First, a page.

Linked by Thom Holwerda on Thu 18th Aug 2005 16:46 UTC, submitted by Nicholas Blachford
Intel "At next week's Intel developer forum, the firm is due to announce a next generation x86 processor core. The current speculation is this new core is going too be based on one of the existing Pentium M cores. I think it's going to be something completely different."
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Blachford on Crack again, OSNews as pusher!
by on Fri 19th Aug 2005 07:15 UTC

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1. Expecting existing systems to use many smaller cores in hyperthreading mode and getting efficiencies out of it with standard programs requires that the OS is aware of those "processors" and can and will use them effectively. Sorry, there's too many systems that don't use virtual processors, and too darned many applications that cannot reasonably be SMP enabled to where such an architecture makes sense for a single process. Now, if you actually WANT to have a bunch of things running all at once that don't interact, sure, you could do that; the cost would be that there needs to be a HUGE amount of cache to make any single thread that's running be even remotely worthwhile. Sure.....

2. While TransMeta did make their CPU's do translation of code in software into another ISA, it would require a huge amount of cache to make it worthwhile on the fly: such a critter would not reasonable as a multicore device, because of cache, and huge translation latencies. It doesn't matter how fast the interrupt handler code operates if it can't be translated before the interrupt is no longer too late, and where are you going to put the code for everything else? In more cache?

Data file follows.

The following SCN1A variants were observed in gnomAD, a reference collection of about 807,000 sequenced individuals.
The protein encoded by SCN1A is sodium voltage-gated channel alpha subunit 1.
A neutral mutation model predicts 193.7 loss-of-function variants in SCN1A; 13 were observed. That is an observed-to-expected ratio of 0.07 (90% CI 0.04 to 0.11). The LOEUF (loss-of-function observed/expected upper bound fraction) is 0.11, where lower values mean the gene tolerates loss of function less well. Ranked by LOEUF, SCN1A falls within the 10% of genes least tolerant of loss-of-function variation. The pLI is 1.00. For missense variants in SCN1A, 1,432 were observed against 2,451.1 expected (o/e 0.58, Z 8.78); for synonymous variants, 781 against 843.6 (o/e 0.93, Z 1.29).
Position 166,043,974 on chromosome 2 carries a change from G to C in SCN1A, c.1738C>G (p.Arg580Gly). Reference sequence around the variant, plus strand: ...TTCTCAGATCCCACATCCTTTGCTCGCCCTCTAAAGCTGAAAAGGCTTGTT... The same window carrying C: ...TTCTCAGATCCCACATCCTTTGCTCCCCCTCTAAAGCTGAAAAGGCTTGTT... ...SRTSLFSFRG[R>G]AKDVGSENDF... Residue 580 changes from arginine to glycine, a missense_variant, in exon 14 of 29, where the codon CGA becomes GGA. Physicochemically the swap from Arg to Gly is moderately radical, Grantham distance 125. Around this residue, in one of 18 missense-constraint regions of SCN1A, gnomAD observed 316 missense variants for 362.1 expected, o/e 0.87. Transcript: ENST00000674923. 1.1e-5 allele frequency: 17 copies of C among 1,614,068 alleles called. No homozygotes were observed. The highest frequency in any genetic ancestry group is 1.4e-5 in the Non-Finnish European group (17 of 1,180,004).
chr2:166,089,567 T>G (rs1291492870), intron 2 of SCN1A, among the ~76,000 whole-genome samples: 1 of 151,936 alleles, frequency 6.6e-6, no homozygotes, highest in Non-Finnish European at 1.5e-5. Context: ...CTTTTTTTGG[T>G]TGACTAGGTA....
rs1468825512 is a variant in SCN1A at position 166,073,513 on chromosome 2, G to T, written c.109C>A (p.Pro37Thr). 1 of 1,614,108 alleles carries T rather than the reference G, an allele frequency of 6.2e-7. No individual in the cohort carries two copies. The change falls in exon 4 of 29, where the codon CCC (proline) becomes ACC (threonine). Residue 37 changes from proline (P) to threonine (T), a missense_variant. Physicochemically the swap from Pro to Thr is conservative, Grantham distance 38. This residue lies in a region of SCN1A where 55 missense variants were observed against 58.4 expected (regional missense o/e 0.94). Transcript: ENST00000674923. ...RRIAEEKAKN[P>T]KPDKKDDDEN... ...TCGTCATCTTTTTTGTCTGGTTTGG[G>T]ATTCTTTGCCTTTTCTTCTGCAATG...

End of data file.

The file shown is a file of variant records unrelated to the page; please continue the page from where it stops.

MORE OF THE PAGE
3. Once again, while you could (in theory) then store all the translated code out to main memory, that would either require doppelganger memory systems (one for original x86 code that hasn't been translated as well as data, and another memory system for translated code) which would be a horrible mess, or an OS that takes a processor that does that into account, perhaps by handling it as a special type of device driver to work with translated code. No, doesn't seem like a wise move for something that's backwards compatible with what's on the shelf now.

4. Nicholas should actually spend some time writing actual code that's heavily threaded, and prove that what he's created is *correct* as well as efficient. While what Sun has announced they will do with one of their future processor solutions supports a huge number of threads, they aren't likely to be threads that interfere with each other and still get decent performance. A huge number of algorithms simply can't be made super-parallel, and those that can (in theory) may require so much locking that the overhead would make it impractical.

I think I'll stop there: his article is pure entertainment, much like the Cell article was in the wild claims. I think he needs to stop taking Star Trek technology as science and start treating it as fiction until proven otherwise ;)

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